r17 : e00000010f2d100c r18 : a000000101706e70 r19 : e00000010f2d0018
r20 : 0000000000010289 r21 : e00000010f2d0450 r22 : 0000000000000000
r23 : 0000000000000338 r24 : 000000000000b3a2 r25 : 000000000000b3a2
r26 : e00000010f2d048c r27 : 0000000000010013 r28 : fffffffffff7ffff
r29 : 0000000000120000 r30 : 0000000000000000 r31 : e00000010f2d100c

Call Trace:
 [<a000000100014d10>] show_stack+0x90/0xc0
                                sp=e00000010f2d54b0 bsp=e00000010f2d3738
 [<a000000100015410>] show_regs+0x6d0/0xa40
                                sp=e00000010f2d5680 bsp=e00000010f2d36c8
 [<a0000001000285e0>] die+0x1e0/0x3c0
                                sp=e00000010f2d56a0 bsp=e00000010f2d3688
 [<a00000010005b160>] ia64_do_page_fault+0x820/0xb80
                                sp=e00000010f2d56a0 bsp=e00000010f2d35e8
 [<a00000010000ca00>] ia64_leave_kernel+0x0/0x270
                                sp=e00000010f2d56b0 bsp=e00000010f2d35e8
 [<a00000010008d1f0>] ptrace_stop+0x2b0/0x860
                                sp=e00000010f2d5880 bsp=e00000010f2d3590
 [<a00000010008d8a0>] ptrace_do_notify+0x100/0x120
                                sp=e00000010f2d5880 bsp=e00000010f2d3560
 [<a00000010008d950>] ptrace_notify+0x90/0x1a0
                                sp=e00000010f2d58c0 bsp=e00000010f2d3540
 [<a000000100073700>] do_exit+0x1540/0x1700
                                sp=e00000010f2d58c0 bsp=e00000010f2d34c8
 [<a0000001000287b0>] die+0x3b0/0x3c0
                                sp=e00000010f2d58d0 bsp=e00000010f2d3488

It’s a NULL pointer dereference. How hard could it be to nail down and fix (or at least workaround)?

To make the box less unstable I sprintled a few if (p == NULL) { WARN_ON(1); return; } around. That allowed surviving a few strace testsuite runs in a row. Woohoo!

guppy was able to survive a few days and then crashed with even more dire and inscrutable panic.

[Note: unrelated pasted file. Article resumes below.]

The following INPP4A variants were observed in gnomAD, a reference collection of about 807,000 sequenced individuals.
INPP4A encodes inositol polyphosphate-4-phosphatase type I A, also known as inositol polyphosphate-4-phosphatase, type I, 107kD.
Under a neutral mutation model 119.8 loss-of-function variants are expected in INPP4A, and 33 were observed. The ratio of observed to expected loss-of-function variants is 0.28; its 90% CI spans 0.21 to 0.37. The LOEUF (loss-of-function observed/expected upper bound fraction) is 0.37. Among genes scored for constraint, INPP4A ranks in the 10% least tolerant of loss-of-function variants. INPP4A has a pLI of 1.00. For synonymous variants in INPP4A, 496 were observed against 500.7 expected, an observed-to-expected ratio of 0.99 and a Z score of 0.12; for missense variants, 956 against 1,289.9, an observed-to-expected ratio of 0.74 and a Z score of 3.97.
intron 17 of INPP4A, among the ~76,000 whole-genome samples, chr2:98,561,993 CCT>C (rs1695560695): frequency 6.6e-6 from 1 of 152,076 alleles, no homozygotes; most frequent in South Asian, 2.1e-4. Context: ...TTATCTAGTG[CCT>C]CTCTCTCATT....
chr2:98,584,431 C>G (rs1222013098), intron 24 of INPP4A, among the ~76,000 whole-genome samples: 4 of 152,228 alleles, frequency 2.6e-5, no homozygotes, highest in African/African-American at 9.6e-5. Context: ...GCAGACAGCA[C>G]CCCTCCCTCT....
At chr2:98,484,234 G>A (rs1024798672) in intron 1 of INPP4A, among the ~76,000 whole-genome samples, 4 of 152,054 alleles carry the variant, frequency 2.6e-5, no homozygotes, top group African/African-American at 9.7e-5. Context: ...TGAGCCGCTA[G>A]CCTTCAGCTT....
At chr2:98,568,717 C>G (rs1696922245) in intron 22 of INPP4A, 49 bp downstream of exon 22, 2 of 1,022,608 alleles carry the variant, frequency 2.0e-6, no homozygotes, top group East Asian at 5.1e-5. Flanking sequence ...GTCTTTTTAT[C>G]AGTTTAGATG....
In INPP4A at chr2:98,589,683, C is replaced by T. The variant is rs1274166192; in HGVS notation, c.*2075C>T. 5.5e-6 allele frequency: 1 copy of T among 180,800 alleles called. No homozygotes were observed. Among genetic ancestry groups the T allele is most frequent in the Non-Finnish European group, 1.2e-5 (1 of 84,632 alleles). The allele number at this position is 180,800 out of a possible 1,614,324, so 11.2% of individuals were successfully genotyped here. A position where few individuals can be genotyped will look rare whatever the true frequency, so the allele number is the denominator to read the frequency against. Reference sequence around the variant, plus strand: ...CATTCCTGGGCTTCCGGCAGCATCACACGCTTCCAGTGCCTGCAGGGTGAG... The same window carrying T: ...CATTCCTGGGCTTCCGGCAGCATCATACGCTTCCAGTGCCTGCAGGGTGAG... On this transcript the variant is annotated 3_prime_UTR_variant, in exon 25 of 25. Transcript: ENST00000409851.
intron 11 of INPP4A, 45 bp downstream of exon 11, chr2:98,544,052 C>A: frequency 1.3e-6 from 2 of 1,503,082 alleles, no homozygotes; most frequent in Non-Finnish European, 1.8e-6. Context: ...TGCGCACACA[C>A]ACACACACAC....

Before digging into more details I first synced to latest kernel git to ease upstreaming things bit by bit and using Latest and Greatest code.

Surprisingly latest linux.git did not even boot.

One of failures Jens quickly fixed right after successful bisection related to task-level flag handling: https://git.kernel.org/pub/scm/linux/kernel/git/torvalds/linux.git/commit/?id=f5f4fc4649ae542b1a25670b17aaf3cbb6187acc

Another failure was use of atomics against unaligned bool struct field in a hpsa disk driver, was also easy to fix with help of Don and others: https://git.kernel.org/pub/scm/linux/kernel/git/torvalds/linux.git/commit/?id=02ec144292bc424a5800d45d4cb472c66e97c520

I was “lucky” to find those failures before another kernel release (or another few years of negligence).

Latest linux.git was still crashing the box.

more kernel debugging

As a next step I enabled everything I could find related to memory corruption debugging in linux kernel:

As a result I got kernel to unbootable state /o\.

I hoped boot failures were related to underlying problem I observed. One of the annoyances was that kernel silently crashed and did not print errors to BMC’s serial output. I disabled most of debugging flags back and left page_poison=on init_on_alloc=1 init_on_free=1.

This allowed catching and fixing some minor warnings like: https://git.kernel.org/pub/scm/linux/kernel/git/torvalds/linux.git/commit/?id=f2a419cf495f95cac49ea289318b833477e1a0e2.

After a while (about a day) I started seeing the reports of arbitrarily corrupted memory:

pagealloc: memory corruption